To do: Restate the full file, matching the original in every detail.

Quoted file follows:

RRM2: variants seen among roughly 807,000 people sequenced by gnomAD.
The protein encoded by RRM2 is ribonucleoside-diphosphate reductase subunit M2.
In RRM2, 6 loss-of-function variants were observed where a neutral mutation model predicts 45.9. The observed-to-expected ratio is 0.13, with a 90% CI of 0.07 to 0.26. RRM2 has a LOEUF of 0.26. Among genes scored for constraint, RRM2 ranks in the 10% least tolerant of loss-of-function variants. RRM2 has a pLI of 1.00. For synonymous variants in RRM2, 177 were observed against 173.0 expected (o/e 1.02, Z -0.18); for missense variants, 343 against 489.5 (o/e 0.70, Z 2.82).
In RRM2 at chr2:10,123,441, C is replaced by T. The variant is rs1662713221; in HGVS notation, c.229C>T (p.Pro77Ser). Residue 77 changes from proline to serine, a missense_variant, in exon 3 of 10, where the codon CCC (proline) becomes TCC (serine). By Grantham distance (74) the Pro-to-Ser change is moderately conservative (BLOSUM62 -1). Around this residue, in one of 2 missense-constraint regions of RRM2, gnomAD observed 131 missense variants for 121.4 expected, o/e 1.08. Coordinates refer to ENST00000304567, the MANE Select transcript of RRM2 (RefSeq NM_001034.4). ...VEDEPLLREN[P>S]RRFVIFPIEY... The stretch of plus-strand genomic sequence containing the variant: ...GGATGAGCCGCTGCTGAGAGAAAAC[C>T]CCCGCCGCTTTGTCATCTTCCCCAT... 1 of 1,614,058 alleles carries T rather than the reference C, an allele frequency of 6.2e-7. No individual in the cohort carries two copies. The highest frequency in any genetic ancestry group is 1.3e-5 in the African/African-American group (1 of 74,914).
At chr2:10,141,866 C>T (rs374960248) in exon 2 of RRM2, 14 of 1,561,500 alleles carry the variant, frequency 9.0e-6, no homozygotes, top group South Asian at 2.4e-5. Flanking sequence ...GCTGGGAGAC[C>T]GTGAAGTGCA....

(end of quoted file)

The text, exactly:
RRM2: variants seen among roughly 807,000 people sequenced by gnomAD.
The protein encoded by RRM2 is ribonucleoside-diphosphate reductase subunit M2.
In RRM2, 6 loss-of-function variants were observed where a neutral mutation model predicts 45.9. The observed-to-expected ratio is 0.13, with a 90% CI of 0.07 to 0.26. RRM2 has a LOEUF of 0.26. Among genes scored for constraint, RRM2 ranks in the 10% least tolerant of loss-of-function variants. RRM2 has a pLI of 1.00. For synonymous variants in RRM2, 177 were observed against 173.0 expected (o/e 1.02, Z -0.18); for missense variants, 343 against 489.5 (o/e 0.70, Z 2.82).
In RRM2 at chr2:10,123,441, C is replaced by T. The variant is rs1662713221; in HGVS notation, c.229C>T (p.Pro77Ser). Residue 77 changes from proline to serine, a missense_variant, in exon 3 of 10, where the codon CCC (proline) becomes TCC (serine). By Grantham distance (74) the Pro-to-Ser change is moderately conservative (BLOSUM62 -1). Around this residue, in one of 2 missense-constraint regions of RRM2, gnomAD observed 131 missense variants for 121.4 expected, o/e 1.08. Coordinates refer to ENST00000304567, the MANE Select transcript of RRM2 (RefSeq NM_001034.4). ...VEDEPLLREN[P>S]RRFVIFPIEY... The stretch of plus-strand genomic sequence containing the variant: ...GGATGAGCCGCTGCTGAGAGAAAAC[C>T]CCCGCCGCTTTGTCATCTTCCCCAT... 1 of 1,614,058 alleles carries T rather than the reference C, an allele frequency of 6.2e-7. No individual in the cohort carries two copies. The highest frequency in any genetic ancestry group is 1.3e-5 in the African/African-American group (1 of 74,914).
At chr2:10,141,866 C>T (rs374960248) in exon 2 of RRM2, 14 of 1,561,500 alleles carry the variant, frequency 9.0e-6, no homozygotes, top group South Asian at 2.4e-5. Flanking sequence ...GCTGGGAGAC[C>T]GTGAAGTGCA....